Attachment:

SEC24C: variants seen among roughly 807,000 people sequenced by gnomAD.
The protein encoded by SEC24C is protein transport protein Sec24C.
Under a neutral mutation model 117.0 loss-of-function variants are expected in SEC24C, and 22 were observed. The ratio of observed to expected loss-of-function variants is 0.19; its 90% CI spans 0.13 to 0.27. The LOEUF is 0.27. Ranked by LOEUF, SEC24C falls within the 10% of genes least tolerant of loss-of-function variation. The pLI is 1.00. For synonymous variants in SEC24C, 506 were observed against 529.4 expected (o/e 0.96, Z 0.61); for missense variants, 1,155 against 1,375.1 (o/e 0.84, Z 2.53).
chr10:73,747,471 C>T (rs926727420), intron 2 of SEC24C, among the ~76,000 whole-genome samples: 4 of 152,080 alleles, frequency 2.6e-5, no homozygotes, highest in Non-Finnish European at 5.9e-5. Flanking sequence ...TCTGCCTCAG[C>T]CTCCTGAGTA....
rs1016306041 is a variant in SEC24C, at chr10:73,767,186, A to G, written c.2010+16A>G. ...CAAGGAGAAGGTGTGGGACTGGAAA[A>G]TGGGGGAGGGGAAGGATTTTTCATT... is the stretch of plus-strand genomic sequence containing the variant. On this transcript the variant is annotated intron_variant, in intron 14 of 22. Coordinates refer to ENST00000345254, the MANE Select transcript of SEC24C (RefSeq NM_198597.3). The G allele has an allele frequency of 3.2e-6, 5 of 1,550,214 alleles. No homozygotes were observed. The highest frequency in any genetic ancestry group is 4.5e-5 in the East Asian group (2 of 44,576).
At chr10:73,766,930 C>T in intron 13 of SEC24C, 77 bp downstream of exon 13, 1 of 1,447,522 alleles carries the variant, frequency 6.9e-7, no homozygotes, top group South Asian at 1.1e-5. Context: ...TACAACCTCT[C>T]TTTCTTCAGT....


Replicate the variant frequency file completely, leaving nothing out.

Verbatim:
SEC24C: variants seen among roughly 807,000 people sequenced by gnomAD.
The protein encoded by SEC24C is protein transport protein Sec24C.
Under a neutral mutation model 117.0 loss-of-function variants are expected in SEC24C, and 22 were observed. The ratio of observed to expected loss-of-function variants is 0.19; its 90% CI spans 0.13 to 0.27. The LOEUF is 0.27. Ranked by LOEUF, SEC24C falls within the 10% of genes least tolerant of loss-of-function variation. The pLI is 1.00. For synonymous variants in SEC24C, 506 were observed against 529.4 expected (o/e 0.96, Z 0.61); for missense variants, 1,155 against 1,375.1 (o/e 0.84, Z 2.53).
chr10:73,747,471 C>T (rs926727420), intron 2 of SEC24C, among the ~76,000 whole-genome samples: 4 of 152,080 alleles, frequency 2.6e-5, no homozygotes, highest in Non-Finnish European at 5.9e-5. Flanking sequence ...TCTGCCTCAG[C>T]CTCCTGAGTA....
rs1016306041 is a variant in SEC24C, at chr10:73,767,186, A to G, written c.2010+16A>G. ...CAAGGAGAAGGTGTGGGACTGGAAA[A>G]TGGGGGAGGGGAAGGATTTTTCATT... is the stretch of plus-strand genomic sequence containing the variant. On this transcript the variant is annotated intron_variant, in intron 14 of 22. Coordinates refer to ENST00000345254, the MANE Select transcript of SEC24C (RefSeq NM_198597.3). The G allele has an allele frequency of 3.2e-6, 5 of 1,550,214 alleles. No homozygotes were observed. The highest frequency in any genetic ancestry group is 4.5e-5 in the East Asian group (2 of 44,576).
At chr10:73,766,930 C>T in intron 13 of SEC24C, 77 bp downstream of exon 13, 1 of 1,447,522 alleles carries the variant, frequency 6.9e-7, no homozygotes, top group South Asian at 1.1e-5. Context: ...TACAACCTCT[C>T]TTTCTTCAGT....